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The boy is sitting on the floor and eating Nutella

Can Babies Have Nutella?


Nutella is a popular hazelnut-cocoa spread that is enjoyed by people of all ages.

However, is it safe for babies to eat Nutella?

Quick Answer

The answer is Yes and No. The American Academy of Pediatrics (AAP) recommends that babies be exclusively breastfed for the first six months of life. After six months, babies can start to eat solid foods. However, it is best to wait until after one year of age to introduce Nutella to babies.

Why Nutella is not recommended for babies under one?

There are a few reasons why Nutella is not recommended for babies under one.

1. High Sugar Content

Nutella is high in sugar, with about 58 grams of sugar per 100 grams of spread. Consuming too much sugar can lead to several health problems, including obesity, tooth decay, and type 2 diabetes.

2. Nut Allergies

Nutella contains hazelnuts, which are a type of tree nut. Tree nuts are one of the most common food allergies. If a baby has a nut allergy, eating Nutella could cause a serious allergic reaction.

3. Choking Hazard

Nutella is a thick, sticky spread that can be a choking hazard for babies. Babies are still developing their oral motor skills and may not be able to properly chew and swallow Nutella.

Alternatives to Nutella for Babies

If you are looking for a healthy alternative to Nutella for your baby, there are several options available.

1. Homemade Fruit Purees:

Homemade fruit purees offer a healthier and more nutritious alternative to Nutella. They provide natural sweetness and essential vitamins and minerals without the added sugar or fats found in Nutella.

2. Yogurt:

Yogurt is a great source of protein, calcium, and probiotics, which support healthy gut development. Choose plain yogurt and add a touch of fruit puree for a sweet and nutritious snack.

3. Mashed Avocado:

Mashed avocado is a rich source of healthy fats, fiber, and potassium, making it an excellent choice for babies. Its creamy texture and mild flavor are often well-liked by little ones.

4. Nut-Free Spreads:

There are nut-free spreads available that offer a similar consistency and sweetness to Nutella but without the risk of allergic reactions. These may contain sunflower seed butter, tahini, or soy-based spreads.

When to Introduce Nutella to Babies

If you do decide to introduce Nutella to your baby, it is best to wait until they are at least one year old. Even then, it is important to give Nutella in moderation.

A small serving of Nutella once or twice a week is enough for most babies.

It is also important to watch your baby for any signs of an allergic reaction after they eat Nutella.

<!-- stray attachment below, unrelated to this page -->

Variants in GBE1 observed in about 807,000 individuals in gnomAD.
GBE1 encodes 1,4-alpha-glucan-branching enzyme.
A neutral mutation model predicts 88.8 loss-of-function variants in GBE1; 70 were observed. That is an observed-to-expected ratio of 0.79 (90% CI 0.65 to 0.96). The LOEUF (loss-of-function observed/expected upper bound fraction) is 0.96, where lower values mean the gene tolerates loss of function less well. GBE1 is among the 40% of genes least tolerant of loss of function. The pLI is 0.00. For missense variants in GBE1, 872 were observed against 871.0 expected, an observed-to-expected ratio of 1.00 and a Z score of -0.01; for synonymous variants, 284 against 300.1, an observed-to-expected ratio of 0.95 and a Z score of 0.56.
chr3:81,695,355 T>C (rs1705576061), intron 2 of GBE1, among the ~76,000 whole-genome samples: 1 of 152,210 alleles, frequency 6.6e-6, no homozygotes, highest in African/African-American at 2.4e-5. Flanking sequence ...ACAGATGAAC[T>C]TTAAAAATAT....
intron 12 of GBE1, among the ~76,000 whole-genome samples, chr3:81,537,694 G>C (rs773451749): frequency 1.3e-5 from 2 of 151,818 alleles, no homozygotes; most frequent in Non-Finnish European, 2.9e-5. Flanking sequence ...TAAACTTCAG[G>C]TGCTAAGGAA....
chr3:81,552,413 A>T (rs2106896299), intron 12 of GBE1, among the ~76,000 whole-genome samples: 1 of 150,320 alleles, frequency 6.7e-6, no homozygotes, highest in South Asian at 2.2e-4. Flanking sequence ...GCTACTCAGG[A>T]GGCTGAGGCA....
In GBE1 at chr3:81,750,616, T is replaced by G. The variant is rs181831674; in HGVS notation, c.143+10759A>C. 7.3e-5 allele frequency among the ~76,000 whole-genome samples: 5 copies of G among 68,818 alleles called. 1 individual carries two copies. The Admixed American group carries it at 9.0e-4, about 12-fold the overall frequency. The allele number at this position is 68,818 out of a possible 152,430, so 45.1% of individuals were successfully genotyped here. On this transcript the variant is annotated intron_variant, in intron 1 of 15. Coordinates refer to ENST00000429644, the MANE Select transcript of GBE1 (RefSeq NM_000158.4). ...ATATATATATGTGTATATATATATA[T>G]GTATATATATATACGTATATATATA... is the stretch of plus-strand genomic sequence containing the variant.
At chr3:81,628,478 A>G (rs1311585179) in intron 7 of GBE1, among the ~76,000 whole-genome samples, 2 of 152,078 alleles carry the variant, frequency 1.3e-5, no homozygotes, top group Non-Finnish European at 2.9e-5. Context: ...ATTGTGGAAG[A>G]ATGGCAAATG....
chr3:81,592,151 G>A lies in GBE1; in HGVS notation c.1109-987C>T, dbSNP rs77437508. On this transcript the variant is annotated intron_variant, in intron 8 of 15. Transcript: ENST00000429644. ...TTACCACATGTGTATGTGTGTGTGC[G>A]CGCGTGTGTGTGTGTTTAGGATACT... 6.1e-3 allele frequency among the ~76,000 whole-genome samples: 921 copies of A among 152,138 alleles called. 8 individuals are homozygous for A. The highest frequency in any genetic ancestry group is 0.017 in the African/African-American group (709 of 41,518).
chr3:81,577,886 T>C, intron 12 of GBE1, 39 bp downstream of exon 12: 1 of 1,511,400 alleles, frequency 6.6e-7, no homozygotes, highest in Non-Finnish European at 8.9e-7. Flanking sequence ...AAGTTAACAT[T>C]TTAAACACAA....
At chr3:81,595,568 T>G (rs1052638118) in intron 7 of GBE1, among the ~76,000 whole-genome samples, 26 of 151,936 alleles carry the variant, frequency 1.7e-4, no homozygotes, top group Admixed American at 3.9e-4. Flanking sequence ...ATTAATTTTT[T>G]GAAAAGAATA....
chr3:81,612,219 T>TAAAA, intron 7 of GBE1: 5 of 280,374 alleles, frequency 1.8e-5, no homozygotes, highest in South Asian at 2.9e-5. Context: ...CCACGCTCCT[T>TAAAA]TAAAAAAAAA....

If your baby develops any of the following symptoms, stop giving them Nutella and call your doctor:

  • Rash: A rash is a common sign of a food allergy. It can appear anywhere on the body, but it is most common on the face, arms, and legs.
  • Hives: Hives are raised, red welts that can appear anywhere on the body. They can be very itchy and uncomfortable.
  • Swelling: Swelling can occur in the face, lips, tongue, throat, or around the eyes. It can be a serious sign of an allergic reaction.
  • Wheezing: Wheezing is a high-pitched whistling sound that occurs when you breathe. It is a sign that your baby’s airways are narrowing.
  • Vomiting: Vomiting is another common sign of a food allergy. It can be accompanied by other symptoms, such as diarrhea and abdominal pain.


Nutella is a delicious treat, but it is not a healthy food for babies.

It is best to wait until babies are at least one year old before introducing them to Nutella.

Even then, it is important to give them Nutella in moderation.


Are There Nutritional Benefits in Nutella for Babies?

While hazelnuts in Nutella offer some nutritional value, the high sugar content outweighs the benefits.

Can Nutella Cause Choking Hazards for Babies?

Due to its thick consistency, Nutella may pose a choking hazard for babies.

Can Babies Have Nutella if They Have a Family History of Allergies?

If there’s a family history of allergies, especially to nuts or cocoa, consult with a pediatrician before introducing Nutella.

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Sara Abdalla

Sara Abdalla

Sarah holds a Bachelor's degree in Child Development and her work has been featured in reputable parenting magazines, online forums, and advisory boards.

But Sarah doesn't just stop at research and expertise. As a mother of two herself, Sarah has amassed a wealth of experiences about what truly works for babies and what falls short of expectations.